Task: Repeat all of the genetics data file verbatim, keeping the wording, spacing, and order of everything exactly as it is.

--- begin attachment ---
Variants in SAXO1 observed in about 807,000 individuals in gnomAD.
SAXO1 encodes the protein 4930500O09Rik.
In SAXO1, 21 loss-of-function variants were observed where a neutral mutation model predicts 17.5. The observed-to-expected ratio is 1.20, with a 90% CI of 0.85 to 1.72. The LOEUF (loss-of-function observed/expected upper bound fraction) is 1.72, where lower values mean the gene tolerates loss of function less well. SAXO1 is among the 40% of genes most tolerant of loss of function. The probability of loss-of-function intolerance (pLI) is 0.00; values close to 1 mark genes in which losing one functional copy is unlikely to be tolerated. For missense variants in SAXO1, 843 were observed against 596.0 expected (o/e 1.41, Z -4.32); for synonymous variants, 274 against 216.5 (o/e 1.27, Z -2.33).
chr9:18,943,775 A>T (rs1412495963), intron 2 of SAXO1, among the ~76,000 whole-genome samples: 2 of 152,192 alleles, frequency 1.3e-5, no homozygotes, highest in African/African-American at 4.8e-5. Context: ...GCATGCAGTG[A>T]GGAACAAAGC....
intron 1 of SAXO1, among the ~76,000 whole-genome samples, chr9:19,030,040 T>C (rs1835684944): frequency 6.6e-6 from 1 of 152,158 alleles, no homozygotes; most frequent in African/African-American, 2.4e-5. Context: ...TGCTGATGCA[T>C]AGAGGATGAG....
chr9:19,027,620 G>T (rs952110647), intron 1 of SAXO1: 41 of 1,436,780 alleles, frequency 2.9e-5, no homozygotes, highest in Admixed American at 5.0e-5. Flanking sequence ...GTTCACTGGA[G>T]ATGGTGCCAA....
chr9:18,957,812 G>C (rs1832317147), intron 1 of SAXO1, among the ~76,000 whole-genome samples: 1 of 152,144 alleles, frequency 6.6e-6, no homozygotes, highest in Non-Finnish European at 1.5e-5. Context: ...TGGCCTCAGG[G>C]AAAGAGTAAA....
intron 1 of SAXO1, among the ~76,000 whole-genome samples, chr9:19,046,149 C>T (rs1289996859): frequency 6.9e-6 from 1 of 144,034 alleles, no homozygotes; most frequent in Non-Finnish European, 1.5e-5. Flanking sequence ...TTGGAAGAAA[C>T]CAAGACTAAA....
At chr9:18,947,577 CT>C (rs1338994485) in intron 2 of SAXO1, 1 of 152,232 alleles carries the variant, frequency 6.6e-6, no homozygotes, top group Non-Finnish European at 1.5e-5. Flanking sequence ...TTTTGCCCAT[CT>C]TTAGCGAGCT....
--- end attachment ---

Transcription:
Variants in SAXO1 observed in about 807,000 individuals in gnomAD.
SAXO1 encodes the protein 4930500O09Rik.
In SAXO1, 21 loss-of-function variants were observed where a neutral mutation model predicts 17.5. The observed-to-expected ratio is 1.20, with a 90% CI of 0.85 to 1.72. The LOEUF (loss-of-function observed/expected upper bound fraction) is 1.72, where lower values mean the gene tolerates loss of function less well. SAXO1 is among the 40% of genes most tolerant of loss of function. The probability of loss-of-function intolerance (pLI) is 0.00; values close to 1 mark genes in which losing one functional copy is unlikely to be tolerated. For missense variants in SAXO1, 843 were observed against 596.0 expected (o/e 1.41, Z -4.32); for synonymous variants, 274 against 216.5 (o/e 1.27, Z -2.33).
chr9:18,943,775 A>T (rs1412495963), intron 2 of SAXO1, among the ~76,000 whole-genome samples: 2 of 152,192 alleles, frequency 1.3e-5, no homozygotes, highest in African/African-American at 4.8e-5. Context: ...GCATGCAGTG[A>T]GGAACAAAGC....
intron 1 of SAXO1, among the ~76,000 whole-genome samples, chr9:19,030,040 T>C (rs1835684944): frequency 6.6e-6 from 1 of 152,158 alleles, no homozygotes; most frequent in African/African-American, 2.4e-5. Context: ...TGCTGATGCA[T>C]AGAGGATGAG....
chr9:19,027,620 G>T (rs952110647), intron 1 of SAXO1: 41 of 1,436,780 alleles, frequency 2.9e-5, no homozygotes, highest in Admixed American at 5.0e-5. Flanking sequence ...GTTCACTGGA[G>T]ATGGTGCCAA....
chr9:18,957,812 G>C (rs1832317147), intron 1 of SAXO1, among the ~76,000 whole-genome samples: 1 of 152,144 alleles, frequency 6.6e-6, no homozygotes, highest in Non-Finnish European at 1.5e-5. Context: ...TGGCCTCAGG[G>C]AAAGAGTAAA....
intron 1 of SAXO1, among the ~76,000 whole-genome samples, chr9:19,046,149 C>T (rs1289996859): frequency 6.9e-6 from 1 of 144,034 alleles, no homozygotes; most frequent in Non-Finnish European, 1.5e-5. Flanking sequence ...TTGGAAGAAA[C>T]CAAGACTAAA....
At chr9:18,947,577 CT>C (rs1338994485) in intron 2 of SAXO1, 1 of 152,232 alleles carries the variant, frequency 6.6e-6, no homozygotes, top group Non-Finnish European at 1.5e-5. Flanking sequence ...TTTTGCCCAT[CT>C]TTAGCGAGCT....